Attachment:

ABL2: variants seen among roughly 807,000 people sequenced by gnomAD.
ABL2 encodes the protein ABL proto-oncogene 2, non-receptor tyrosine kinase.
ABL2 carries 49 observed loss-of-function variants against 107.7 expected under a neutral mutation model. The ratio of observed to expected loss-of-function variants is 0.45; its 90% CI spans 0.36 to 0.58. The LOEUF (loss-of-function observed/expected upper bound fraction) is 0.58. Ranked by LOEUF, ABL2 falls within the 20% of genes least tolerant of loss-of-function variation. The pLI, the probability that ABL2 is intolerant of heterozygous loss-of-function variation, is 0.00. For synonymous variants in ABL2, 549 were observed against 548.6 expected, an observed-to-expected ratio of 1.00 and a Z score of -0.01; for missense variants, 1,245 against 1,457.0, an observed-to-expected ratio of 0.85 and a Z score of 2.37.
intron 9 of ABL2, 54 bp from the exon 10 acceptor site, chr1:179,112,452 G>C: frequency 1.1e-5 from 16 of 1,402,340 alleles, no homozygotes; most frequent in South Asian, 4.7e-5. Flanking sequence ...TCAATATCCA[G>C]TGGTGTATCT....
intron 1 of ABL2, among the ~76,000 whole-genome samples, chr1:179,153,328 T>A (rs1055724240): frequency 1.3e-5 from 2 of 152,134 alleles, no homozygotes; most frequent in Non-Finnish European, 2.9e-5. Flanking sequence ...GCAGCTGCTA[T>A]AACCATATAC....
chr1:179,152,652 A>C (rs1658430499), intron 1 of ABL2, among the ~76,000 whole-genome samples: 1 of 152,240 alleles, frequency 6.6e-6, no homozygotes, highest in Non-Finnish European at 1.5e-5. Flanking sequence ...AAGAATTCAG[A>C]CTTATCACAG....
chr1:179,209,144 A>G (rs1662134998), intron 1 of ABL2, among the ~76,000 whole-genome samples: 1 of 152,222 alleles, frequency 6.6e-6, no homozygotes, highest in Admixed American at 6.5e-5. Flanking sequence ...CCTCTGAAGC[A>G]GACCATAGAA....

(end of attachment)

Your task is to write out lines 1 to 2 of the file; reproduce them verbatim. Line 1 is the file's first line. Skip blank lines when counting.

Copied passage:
ABL2: variants seen among roughly 807,000 people sequenced by gnomAD.
ABL2 encodes the protein ABL proto-oncogene 2, non-receptor tyrosine kinase.